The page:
Public warmer on 'climate change' than 'global warming'

Stop someone on the street in the storm-battered Northeast (or Northwest or just about anywhere in between) this winter. Ask about “global warming” and you’d better be prepared for a heated debate. Ask about “climate change” and cooler heads may prevail.

The American public responds differently to questions about “climate change” and “global warming” – even while the media often conflate the two – a new study by Cornell and University of Southern California researchers reveals.

“A key finding is that the public perceives more scientific agreement on the issue of ‘climate change’ than ‘global warming,’” reports Cornell’s Jonathon Schuldt, who led the study examining a survey of 2,000 American adults from the comfort of his Department of Communication office (not from a snow-covered street corner). “Recent studies suggest that perceiving a scientific consensus is an important predictor of people’s support for new regulations that address the problem.”

“And more Americans report personally believing that ‘climate change’ is real, compared to ‘global warming,’” adds Schuldt, assistant professor in Cornell’s College of Agriculture and Life Sciences.

Along with Sungjong Roh, a Cornell doctoral candidate in the field of communication, and Norbert Schwarz, a USC professor of psychology, Schuldt is publishing results of the study in the March 2015 Annals of the American Academy of Political and Social Science. The article is titled “Questionnaire Design Effects in Climate Change Surveys: Implications for the Partisan Debate.”

It’s part of a special issue devoted to the “politicization of science” and the authors think “global warming” and “climate change” are a prime example of how small differences in survey design can equate to large differences in survey results.

The pre-millennium “greenhouse effect” required some understanding of atmospheric gases, thermal radiation and other far-out stuff; the related “global warming” seemed to work for a while – until anomalous record-cold temperatures gave deniers leverage on the issue. “Climate change” – and more recently, “global climate change” – might be less polarizing, the researchers suspected. They designed an online survey to query personal beliefs: whether the phenomenon (“climate change” or, alternately, “global warming”) truly exists; whether scientists agree about the phenomenon (by one name or the other); and whether climate-mitigation policies (such as mandatory reduction in CO2 emissions) deserve support.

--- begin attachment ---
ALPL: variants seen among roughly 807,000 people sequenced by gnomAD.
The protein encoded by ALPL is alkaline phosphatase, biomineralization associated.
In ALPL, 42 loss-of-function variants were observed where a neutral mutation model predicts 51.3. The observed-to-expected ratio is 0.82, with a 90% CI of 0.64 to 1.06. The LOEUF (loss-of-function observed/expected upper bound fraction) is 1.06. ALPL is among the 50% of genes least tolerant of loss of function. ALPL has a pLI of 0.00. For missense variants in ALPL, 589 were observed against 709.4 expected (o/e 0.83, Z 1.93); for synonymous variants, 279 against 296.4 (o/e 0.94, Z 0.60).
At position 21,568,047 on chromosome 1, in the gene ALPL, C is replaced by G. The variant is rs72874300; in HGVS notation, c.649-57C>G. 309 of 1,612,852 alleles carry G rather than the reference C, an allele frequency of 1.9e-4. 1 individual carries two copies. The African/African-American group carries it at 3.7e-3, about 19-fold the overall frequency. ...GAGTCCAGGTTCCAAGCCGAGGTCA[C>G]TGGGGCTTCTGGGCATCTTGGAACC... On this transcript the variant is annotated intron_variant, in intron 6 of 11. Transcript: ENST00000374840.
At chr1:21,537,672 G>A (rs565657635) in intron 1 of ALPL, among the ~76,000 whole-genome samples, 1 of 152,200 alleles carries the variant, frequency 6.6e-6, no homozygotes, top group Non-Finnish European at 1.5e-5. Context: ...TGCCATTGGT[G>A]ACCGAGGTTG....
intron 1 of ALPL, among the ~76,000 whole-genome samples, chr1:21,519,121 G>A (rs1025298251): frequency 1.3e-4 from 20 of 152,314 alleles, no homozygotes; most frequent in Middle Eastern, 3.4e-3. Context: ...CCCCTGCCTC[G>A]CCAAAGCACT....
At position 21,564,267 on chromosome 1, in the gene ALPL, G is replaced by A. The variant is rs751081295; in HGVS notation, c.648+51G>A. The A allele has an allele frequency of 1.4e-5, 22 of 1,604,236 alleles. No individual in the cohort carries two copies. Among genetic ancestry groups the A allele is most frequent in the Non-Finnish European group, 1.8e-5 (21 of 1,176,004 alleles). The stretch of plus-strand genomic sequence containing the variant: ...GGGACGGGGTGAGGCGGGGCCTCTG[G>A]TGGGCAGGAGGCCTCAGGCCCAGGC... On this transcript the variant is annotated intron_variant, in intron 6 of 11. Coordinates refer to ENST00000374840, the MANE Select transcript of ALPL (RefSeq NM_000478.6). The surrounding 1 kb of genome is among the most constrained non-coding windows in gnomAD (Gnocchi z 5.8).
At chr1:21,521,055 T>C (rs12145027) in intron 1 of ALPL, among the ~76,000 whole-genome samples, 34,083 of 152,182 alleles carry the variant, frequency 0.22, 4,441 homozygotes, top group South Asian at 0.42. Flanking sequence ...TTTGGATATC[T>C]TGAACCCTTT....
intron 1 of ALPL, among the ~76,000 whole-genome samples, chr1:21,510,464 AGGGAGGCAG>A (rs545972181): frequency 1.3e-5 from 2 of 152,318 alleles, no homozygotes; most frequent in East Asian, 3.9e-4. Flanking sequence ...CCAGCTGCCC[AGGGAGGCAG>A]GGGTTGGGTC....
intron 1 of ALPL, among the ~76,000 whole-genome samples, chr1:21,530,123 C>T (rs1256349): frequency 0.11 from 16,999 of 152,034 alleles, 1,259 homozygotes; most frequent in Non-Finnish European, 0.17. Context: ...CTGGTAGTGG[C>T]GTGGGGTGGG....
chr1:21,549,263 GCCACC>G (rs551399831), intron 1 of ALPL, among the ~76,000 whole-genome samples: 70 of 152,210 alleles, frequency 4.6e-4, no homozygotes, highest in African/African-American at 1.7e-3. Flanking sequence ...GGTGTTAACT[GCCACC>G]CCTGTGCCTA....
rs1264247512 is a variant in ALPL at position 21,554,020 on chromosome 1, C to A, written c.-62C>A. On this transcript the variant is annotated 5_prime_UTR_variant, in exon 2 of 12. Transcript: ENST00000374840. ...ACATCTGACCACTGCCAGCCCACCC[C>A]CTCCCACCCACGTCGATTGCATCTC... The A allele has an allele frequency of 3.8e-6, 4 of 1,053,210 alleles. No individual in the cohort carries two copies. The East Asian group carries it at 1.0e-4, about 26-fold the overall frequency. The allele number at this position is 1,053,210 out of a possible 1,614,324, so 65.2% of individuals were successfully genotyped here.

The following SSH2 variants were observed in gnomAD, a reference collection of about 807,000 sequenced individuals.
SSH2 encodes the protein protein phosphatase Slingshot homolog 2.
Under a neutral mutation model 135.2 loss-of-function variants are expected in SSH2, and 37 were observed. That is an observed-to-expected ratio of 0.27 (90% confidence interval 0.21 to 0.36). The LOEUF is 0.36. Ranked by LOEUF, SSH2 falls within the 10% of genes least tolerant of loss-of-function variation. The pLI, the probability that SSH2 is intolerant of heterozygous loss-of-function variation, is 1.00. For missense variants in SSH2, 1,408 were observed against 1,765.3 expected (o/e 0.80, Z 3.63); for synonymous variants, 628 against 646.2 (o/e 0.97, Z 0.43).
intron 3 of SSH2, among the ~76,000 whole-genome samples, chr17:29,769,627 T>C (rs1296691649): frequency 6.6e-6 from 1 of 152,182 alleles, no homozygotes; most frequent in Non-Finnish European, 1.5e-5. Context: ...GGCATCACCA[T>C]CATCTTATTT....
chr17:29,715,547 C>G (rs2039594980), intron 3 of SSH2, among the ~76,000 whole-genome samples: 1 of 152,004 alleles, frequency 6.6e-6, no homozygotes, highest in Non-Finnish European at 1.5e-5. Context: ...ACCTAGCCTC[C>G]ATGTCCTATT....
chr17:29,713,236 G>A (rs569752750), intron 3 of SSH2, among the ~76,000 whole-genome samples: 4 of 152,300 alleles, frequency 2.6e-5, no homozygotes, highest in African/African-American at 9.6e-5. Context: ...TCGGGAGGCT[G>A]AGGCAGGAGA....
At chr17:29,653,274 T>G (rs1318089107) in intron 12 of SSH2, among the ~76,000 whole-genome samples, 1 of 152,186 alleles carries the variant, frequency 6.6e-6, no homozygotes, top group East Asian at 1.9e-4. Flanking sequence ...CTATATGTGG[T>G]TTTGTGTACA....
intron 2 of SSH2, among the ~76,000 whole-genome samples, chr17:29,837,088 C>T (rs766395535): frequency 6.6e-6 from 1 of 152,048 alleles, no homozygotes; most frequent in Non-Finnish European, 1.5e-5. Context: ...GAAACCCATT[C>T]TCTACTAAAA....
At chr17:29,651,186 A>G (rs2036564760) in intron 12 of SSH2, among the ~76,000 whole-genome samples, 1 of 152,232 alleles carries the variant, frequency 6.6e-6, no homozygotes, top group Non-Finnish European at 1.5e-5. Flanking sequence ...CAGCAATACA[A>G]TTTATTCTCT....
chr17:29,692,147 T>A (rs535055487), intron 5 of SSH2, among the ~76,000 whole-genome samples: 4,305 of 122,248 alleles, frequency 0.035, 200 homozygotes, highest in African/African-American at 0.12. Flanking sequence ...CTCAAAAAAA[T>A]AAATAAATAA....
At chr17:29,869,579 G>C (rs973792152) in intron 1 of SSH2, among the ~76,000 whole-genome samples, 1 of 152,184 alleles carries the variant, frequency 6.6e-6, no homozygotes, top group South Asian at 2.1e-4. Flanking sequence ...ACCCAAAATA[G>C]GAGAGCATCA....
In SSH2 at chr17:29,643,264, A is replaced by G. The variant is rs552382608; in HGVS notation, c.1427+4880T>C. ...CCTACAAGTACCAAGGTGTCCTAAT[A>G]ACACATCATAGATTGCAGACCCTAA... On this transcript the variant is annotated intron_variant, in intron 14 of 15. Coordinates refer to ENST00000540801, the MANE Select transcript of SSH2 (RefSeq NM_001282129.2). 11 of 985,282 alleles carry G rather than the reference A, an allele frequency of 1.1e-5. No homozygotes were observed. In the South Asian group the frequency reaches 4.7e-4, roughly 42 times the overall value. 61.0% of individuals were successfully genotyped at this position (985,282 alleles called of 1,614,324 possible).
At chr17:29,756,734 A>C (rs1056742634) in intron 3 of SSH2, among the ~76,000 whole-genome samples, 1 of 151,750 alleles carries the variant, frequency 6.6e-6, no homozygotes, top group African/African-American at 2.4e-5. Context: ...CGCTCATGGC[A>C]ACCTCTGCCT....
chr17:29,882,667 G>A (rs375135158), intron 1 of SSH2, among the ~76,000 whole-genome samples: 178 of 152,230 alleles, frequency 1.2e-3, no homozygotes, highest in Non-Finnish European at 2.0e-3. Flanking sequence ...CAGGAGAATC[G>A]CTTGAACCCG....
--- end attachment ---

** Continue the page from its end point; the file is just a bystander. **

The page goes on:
Further noting the importance of careful survey design, Schuldt says: “Public support for regulating greenhouse gases appears to depend on question order – whether people are first asked what they believe or what scientists believe.”

Survey participants were asked about their political inclination, and that’s where a curious difference appeared: “When Republicans were asked whether they supported regulating greenhouse gases in order to address ‘global warming,’ their level of support depended on whether they had just been asked for their personal belief or what scientists believe,” Schuldt continues. “When asked for their personal belief in ‘global warming’ immediately before the greenhouse gas question, Republicans reported significantly less support for regulating CO2.”

No other political group (Democrats, Independents or others) was significantly affected by question wording or question order, the authors report. They speculate that Democrats’ beliefs about global climate change might be “more crystallized.”

Kind of like the frozen stuff that’s making winter-weary Americans question the whole premise of global warming.

The online survey of 2,041 Americans was conducted between Aug. 25-Sept. 5, 2012, and was administered by the polling firm GfK/Knowledge Networks. Subsequently, the National Oceanic and Atmospheric Administration declared 2012 America’s the hottest year on record. The Cornell-USC study was supported by the National Science Foundation-funded program Time-sharing Experiments for the Social Sciences.

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